During a time when surgeons are under constant scrutiny to have shorter postoperative recovery times as well as better outcomes, depression is often a costly and common comorbidity. The point prevalence for depression in the medically ill is 10–36% for general medical inpatients. Depression is an omnipresent factor in patient recovery. Depression negatively impacts the ability of patients to care adequately for their wounds and can interfere with optimal behavior choices by promoting activities such as poor nutrition, smoking, and illicit substance use, which can lead to complications in recovery . Furthermore, depression plays a role in how patients perceive their recovery. According to a study looking at three HMO populations by Pearson et al. more than half of people in the top 15% of medical resource utilization were suffering from undiagnosed depression . Via these factors, and perhaps also as a result of depression-related pathophysiological changes, depressed and anxious patients have a 5–6 times higher risk for 30-day and in-hospital mortality after surgery when compared with patients with no psychiatric comorbidities .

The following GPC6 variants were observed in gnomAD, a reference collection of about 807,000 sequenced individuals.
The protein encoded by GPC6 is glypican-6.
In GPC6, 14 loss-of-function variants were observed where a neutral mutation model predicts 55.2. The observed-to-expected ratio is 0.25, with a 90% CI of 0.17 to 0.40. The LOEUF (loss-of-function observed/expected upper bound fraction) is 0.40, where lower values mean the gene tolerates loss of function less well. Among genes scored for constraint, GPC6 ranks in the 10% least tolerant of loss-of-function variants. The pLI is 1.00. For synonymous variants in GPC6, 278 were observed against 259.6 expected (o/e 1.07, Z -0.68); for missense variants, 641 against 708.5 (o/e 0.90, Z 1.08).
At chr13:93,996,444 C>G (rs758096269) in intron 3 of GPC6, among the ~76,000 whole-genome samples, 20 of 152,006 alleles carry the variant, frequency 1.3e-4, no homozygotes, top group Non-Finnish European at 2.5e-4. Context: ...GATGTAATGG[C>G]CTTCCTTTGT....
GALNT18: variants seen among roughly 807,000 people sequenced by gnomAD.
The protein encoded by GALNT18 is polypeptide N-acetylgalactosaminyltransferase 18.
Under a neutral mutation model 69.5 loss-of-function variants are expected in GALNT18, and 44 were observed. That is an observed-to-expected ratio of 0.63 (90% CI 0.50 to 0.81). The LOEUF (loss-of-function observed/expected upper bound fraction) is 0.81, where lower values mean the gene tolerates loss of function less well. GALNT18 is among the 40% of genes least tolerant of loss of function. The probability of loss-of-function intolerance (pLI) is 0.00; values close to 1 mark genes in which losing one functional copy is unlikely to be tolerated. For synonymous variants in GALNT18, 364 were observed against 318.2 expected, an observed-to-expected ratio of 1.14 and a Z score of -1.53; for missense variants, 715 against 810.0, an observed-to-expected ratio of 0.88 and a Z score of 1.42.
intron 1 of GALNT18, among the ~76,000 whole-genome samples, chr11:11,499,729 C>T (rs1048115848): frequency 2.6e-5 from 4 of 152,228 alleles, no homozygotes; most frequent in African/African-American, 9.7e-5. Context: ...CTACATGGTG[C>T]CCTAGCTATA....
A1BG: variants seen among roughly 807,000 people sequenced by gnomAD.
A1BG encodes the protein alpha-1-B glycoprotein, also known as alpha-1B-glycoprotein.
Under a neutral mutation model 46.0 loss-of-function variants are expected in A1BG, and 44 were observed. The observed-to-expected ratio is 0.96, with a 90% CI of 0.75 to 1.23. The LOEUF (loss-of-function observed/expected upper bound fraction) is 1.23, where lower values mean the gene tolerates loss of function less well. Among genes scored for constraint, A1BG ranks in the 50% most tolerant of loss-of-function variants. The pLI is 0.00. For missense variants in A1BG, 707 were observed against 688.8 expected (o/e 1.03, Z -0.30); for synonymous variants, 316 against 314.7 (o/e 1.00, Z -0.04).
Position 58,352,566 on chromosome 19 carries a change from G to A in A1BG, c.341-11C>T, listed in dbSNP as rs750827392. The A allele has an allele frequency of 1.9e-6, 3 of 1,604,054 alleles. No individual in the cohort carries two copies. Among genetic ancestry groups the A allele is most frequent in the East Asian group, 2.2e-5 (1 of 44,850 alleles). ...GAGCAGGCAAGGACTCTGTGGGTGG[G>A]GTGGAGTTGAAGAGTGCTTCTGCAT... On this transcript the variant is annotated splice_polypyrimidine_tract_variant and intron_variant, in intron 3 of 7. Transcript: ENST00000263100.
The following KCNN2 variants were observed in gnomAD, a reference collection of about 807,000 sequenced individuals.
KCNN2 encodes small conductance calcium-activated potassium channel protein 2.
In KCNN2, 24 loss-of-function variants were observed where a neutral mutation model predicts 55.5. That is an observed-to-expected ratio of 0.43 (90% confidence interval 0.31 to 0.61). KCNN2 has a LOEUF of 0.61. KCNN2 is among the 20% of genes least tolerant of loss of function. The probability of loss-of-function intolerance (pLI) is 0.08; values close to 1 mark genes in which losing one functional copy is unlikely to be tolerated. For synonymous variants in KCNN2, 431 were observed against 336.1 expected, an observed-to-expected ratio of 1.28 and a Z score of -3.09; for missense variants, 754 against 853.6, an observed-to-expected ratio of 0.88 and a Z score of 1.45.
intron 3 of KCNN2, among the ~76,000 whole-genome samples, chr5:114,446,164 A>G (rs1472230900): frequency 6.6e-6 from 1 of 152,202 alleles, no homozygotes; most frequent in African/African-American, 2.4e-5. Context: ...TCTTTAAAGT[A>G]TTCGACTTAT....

|Original language||English (US)|
|Title of host publication||Medical Management of the Surgical Patient|
|Subtitle of host publication||A Textbook of Perioperative Medicine, Fifth Edition|
|Publisher||Cambridge University Press|
|Number of pages||13|
|State||Published - Jan 1 2010|
ASJC Scopus subject areas